The 2019 season saw the emergence of a new generation of young male riders who dominated from the season’s start to end and, in the case of 22-year-old Egan Bernal, won the biggest victory of them all at the Tour de France.
The November issue of Procycling, which is out now in the UK, celebrates the sport’s brightest talents, including Bernal, Remco Evenepoel, Tadej Pogacar and Pavel Sivakov. All were photographed exclusively for the magazine with inspiration taken from The Who’s ‘The Kids Are Alright’ album cover. This month’s issue also comes with a free 2020 calendar.
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Bernal won his debut Tour title this July, and in doing so became the race’s youngest winner in since 1909. The Colombian, who also took victories at Paris-Nice and the Tour de Suisse this spring, gave Team Ineos its seventh Tour win in eight years and he took the yellow jersey in dramatic style on a weather ravaged stage to Tignes.
Bernal spoke to Procycling about the emotions he felt racing in France this summer as well as his plans for 2020.
“Imagine how it feels like to be finally on the attack like I wanted to be and my legs were feeling great then somebody drives up and tells you have to stop and that the race has been neutralised. And then on top of that, I ended up being in yellow. I’m never going to forget that day and how I got the lead,” Bernal said.
While Primož Roglič may have become Slovenia’s first grand tour winner at the Vuelta a España in September, hot on his heels was neo-pro compatriot Tadej Pogačar, who finished on the podium in Madrid behind him in third.
Remarkably, Pogačar who was then just 20 and in his first season for UAE Emirates, wasn’t even sure he would be on the Vuelta start line until this summer but proved his worth and more by also taking a hat-trick of stage wins along the way. Alasdair Fotheringham was in Spain to witness Pogačar’s rapid rise and spoke to the Slovenian teenager about his rapid rise.
Few shocks have come bigger in cycling this year than teenager Remco Evenepoel winning a race as long and as gruelling as Clásica San Sebastián, as he did this August. The 19-year-old jumped straight from junior ranks to the WorldTour this year with Deceuninck-Quick Step and adapted instantly, winning five races including San Sebastián after a solo attack. Barry Ryan profiles the Belgian wunderkind who is taking it all in his stride.
Alongside Bernal, Ineos have another talent in Pavel Sivakov. Italian-born, French raised to Russian professional cyclist parents, Sivakov has found his perfect home in the increasingly internationalising Team Ineos. Paul Knott went to meet the 22-year-old winner of the Tour of the Alps and Tour of Poland to talk about his cosmopolitan background and where he goes from here.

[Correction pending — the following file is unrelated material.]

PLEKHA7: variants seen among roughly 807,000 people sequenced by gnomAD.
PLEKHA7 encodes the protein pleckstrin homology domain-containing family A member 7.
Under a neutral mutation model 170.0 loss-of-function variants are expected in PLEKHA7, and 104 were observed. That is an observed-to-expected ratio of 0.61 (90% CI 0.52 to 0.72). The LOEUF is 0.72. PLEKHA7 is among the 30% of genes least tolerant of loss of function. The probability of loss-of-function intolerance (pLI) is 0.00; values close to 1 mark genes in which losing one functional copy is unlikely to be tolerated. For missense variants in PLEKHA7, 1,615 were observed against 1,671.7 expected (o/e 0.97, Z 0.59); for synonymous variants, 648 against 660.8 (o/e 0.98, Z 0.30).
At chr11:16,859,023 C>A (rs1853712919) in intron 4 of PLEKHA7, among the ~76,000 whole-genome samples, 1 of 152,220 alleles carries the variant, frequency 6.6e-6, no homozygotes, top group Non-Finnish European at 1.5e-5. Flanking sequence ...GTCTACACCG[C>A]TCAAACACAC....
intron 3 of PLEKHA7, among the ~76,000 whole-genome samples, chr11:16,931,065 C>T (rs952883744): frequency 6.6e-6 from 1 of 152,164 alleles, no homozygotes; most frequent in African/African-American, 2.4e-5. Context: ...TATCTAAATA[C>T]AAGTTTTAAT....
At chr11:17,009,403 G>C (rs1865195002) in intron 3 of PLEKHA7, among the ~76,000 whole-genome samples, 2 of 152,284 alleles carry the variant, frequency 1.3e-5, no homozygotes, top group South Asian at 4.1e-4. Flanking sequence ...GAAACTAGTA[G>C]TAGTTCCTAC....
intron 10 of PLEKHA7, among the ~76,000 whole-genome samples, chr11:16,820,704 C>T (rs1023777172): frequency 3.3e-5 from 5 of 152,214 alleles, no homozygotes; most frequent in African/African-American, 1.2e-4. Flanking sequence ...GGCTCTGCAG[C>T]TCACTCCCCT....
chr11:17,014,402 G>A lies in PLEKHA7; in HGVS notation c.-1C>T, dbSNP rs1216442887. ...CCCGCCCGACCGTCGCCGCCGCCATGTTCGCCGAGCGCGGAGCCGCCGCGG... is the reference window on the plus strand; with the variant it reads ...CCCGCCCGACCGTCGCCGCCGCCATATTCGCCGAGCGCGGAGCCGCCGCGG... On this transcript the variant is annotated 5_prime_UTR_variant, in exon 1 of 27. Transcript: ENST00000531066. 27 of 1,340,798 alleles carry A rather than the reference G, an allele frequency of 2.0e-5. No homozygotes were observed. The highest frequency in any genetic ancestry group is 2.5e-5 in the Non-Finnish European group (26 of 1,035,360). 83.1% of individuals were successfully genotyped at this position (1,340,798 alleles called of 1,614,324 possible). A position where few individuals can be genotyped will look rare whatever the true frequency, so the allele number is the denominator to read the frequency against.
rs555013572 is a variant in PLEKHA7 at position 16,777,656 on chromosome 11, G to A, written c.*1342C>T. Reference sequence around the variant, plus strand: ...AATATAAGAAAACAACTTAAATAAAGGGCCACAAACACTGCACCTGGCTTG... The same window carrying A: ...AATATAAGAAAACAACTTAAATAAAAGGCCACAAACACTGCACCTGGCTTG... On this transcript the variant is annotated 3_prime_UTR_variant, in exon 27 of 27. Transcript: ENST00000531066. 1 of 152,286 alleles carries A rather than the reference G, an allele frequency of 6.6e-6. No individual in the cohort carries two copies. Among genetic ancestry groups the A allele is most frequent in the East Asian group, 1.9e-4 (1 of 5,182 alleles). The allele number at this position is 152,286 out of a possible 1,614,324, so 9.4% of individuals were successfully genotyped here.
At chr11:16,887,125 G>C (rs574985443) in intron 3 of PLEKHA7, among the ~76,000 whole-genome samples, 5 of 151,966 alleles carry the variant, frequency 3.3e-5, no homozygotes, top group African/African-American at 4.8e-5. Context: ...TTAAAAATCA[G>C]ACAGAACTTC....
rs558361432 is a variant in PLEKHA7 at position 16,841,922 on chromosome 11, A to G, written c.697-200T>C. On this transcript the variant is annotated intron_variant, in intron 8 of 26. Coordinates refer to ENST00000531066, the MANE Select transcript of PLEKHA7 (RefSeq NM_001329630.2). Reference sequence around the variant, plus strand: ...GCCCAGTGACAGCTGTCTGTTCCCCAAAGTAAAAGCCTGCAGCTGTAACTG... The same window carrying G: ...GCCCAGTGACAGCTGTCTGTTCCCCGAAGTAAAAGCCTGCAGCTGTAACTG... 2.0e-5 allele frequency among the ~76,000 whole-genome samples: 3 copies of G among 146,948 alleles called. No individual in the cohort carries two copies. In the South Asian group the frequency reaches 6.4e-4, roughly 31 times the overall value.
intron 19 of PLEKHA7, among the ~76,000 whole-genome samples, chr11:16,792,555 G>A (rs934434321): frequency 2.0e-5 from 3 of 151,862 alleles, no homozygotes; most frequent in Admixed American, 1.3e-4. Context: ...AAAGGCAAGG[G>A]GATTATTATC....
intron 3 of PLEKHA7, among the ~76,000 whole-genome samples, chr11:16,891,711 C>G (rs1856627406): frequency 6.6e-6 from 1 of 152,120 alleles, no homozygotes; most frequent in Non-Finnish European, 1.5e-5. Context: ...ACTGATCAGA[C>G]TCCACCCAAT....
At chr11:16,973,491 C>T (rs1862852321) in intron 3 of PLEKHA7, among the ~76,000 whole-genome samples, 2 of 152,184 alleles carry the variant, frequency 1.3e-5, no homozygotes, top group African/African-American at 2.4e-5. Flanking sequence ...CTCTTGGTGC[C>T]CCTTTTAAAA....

Why is it that so many riders are now achieving success at such a young age? From newly-crowned world time trial champion Chloé Dygert, to Bernal’s climbing compatriot and Ineos team-mate Ivan Sosa, to Dutch sprinter Lorena Wiebes - the men’s and women’s pelotons are awash with young talent making waves this year. Procycling looks at the riders who are set to dominate for the next decade.
Young riders have, however, always had the ability to surprise, and there is a trail through history of those who broke the convention that cyclists must peak in their late 20s. None were more true than Laurent Fignon, who back in 1983 won a debut Tour title aged just 22, like Bernal. William Fotheringham revisits the similarities between then and now in this month’s Retro feature.
Rally UHC Cycling’s Svein Tuft and Brandon McNulty are two riders at the opposite ends of the career spectrum; Canadian Tuft, 39, retires this winter while McNulty, 21, will move up to the top ranks next year with UAE Team Emirates. Patrick Fletcher sat down with the duo to hear the contrasts between their pathways to cycling and share words of wisdom they’ve learned along the way.
Elsewhere, Sophie Hurcom talked with European road champion Elia Viviani, who matched his Giro d’Italia and Vuelta wins with a long-awaited debut stage victory at the Tour this year. While Edward Pickering met British-born American champion Ruth Winder to hear about life and racing between two continents.
Plus, all the analysis from the last month of racing, the latest products in cycling, the world’s best cycling photography and an update from our diarists.
Procycling magazine: the best writing and photography from inside the world’s toughest sport.
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